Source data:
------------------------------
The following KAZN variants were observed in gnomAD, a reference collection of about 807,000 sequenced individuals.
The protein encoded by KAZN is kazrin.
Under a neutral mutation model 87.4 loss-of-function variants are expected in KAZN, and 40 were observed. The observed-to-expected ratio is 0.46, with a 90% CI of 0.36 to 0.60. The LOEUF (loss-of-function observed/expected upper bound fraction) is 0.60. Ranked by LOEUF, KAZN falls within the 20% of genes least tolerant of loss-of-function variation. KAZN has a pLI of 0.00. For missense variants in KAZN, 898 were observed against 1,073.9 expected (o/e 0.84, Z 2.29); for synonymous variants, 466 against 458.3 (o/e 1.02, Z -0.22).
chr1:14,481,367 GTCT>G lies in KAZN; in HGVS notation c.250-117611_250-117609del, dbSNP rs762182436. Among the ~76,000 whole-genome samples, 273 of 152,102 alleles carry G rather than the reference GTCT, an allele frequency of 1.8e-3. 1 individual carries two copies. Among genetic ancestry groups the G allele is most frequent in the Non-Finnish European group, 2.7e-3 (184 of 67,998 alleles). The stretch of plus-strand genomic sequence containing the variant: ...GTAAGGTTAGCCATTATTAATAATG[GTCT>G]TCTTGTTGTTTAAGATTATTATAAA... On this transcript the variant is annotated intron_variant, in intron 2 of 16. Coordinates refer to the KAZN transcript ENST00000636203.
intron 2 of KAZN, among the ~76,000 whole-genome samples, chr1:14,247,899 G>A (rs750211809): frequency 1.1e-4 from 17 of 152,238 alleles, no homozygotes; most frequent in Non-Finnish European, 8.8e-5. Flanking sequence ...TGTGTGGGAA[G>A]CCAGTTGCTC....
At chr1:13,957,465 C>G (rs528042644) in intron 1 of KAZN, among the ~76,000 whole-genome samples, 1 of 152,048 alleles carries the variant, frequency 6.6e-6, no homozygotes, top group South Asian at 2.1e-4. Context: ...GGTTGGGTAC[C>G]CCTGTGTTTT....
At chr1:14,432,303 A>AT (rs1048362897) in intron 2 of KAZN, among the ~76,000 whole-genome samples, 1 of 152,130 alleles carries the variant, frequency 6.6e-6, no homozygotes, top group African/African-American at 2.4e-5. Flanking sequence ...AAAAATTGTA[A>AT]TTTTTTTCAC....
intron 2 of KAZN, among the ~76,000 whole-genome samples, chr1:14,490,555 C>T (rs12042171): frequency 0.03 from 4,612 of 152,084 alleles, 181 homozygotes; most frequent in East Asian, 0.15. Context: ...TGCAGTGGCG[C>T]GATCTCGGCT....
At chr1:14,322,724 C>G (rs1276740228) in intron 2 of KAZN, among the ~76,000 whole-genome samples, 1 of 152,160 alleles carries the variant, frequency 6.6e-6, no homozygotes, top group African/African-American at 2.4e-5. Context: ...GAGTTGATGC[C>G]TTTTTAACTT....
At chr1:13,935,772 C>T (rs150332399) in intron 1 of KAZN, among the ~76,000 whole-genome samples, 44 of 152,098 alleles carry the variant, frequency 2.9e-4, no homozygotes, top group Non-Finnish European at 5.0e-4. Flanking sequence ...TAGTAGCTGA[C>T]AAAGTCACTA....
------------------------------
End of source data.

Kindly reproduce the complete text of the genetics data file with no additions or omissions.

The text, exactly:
The following KAZN variants were observed in gnomAD, a reference collection of about 807,000 sequenced individuals.
The protein encoded by KAZN is kazrin.
Under a neutral mutation model 87.4 loss-of-function variants are expected in KAZN, and 40 were observed. The observed-to-expected ratio is 0.46, with a 90% CI of 0.36 to 0.60. The LOEUF (loss-of-function observed/expected upper bound fraction) is 0.60. Ranked by LOEUF, KAZN falls within the 20% of genes least tolerant of loss-of-function variation. KAZN has a pLI of 0.00. For missense variants in KAZN, 898 were observed against 1,073.9 expected (o/e 0.84, Z 2.29); for synonymous variants, 466 against 458.3 (o/e 1.02, Z -0.22).
chr1:14,481,367 GTCT>G lies in KAZN; in HGVS notation c.250-117611_250-117609del, dbSNP rs762182436. Among the ~76,000 whole-genome samples, 273 of 152,102 alleles carry G rather than the reference GTCT, an allele frequency of 1.8e-3. 1 individual carries two copies. Among genetic ancestry groups the G allele is most frequent in the Non-Finnish European group, 2.7e-3 (184 of 67,998 alleles). The stretch of plus-strand genomic sequence containing the variant: ...GTAAGGTTAGCCATTATTAATAATG[GTCT>G]TCTTGTTGTTTAAGATTATTATAAA... On this transcript the variant is annotated intron_variant, in intron 2 of 16. Coordinates refer to the KAZN transcript ENST00000636203.
intron 2 of KAZN, among the ~76,000 whole-genome samples, chr1:14,247,899 G>A (rs750211809): frequency 1.1e-4 from 17 of 152,238 alleles, no homozygotes; most frequent in Non-Finnish European, 8.8e-5. Flanking sequence ...TGTGTGGGAA[G>A]CCAGTTGCTC....
At chr1:13,957,465 C>G (rs528042644) in intron 1 of KAZN, among the ~76,000 whole-genome samples, 1 of 152,048 alleles carries the variant, frequency 6.6e-6, no homozygotes, top group South Asian at 2.1e-4. Context: ...GGTTGGGTAC[C>G]CCTGTGTTTT....
At chr1:14,432,303 A>AT (rs1048362897) in intron 2 of KAZN, among the ~76,000 whole-genome samples, 1 of 152,130 alleles carries the variant, frequency 6.6e-6, no homozygotes, top group African/African-American at 2.4e-5. Flanking sequence ...AAAAATTGTA[A>AT]TTTTTTTCAC....
intron 2 of KAZN, among the ~76,000 whole-genome samples, chr1:14,490,555 C>T (rs12042171): frequency 0.03 from 4,612 of 152,084 alleles, 181 homozygotes; most frequent in East Asian, 0.15. Context: ...TGCAGTGGCG[C>T]GATCTCGGCT....
At chr1:14,322,724 C>G (rs1276740228) in intron 2 of KAZN, among the ~76,000 whole-genome samples, 1 of 152,160 alleles carries the variant, frequency 6.6e-6, no homozygotes, top group African/African-American at 2.4e-5. Context: ...GAGTTGATGC[C>G]TTTTTAACTT....
At chr1:13,935,772 C>T (rs150332399) in intron 1 of KAZN, among the ~76,000 whole-genome samples, 44 of 152,098 alleles carry the variant, frequency 2.9e-4, no homozygotes, top group Non-Finnish European at 5.0e-4. Flanking sequence ...TAGTAGCTGA[C>T]AAAGTCACTA....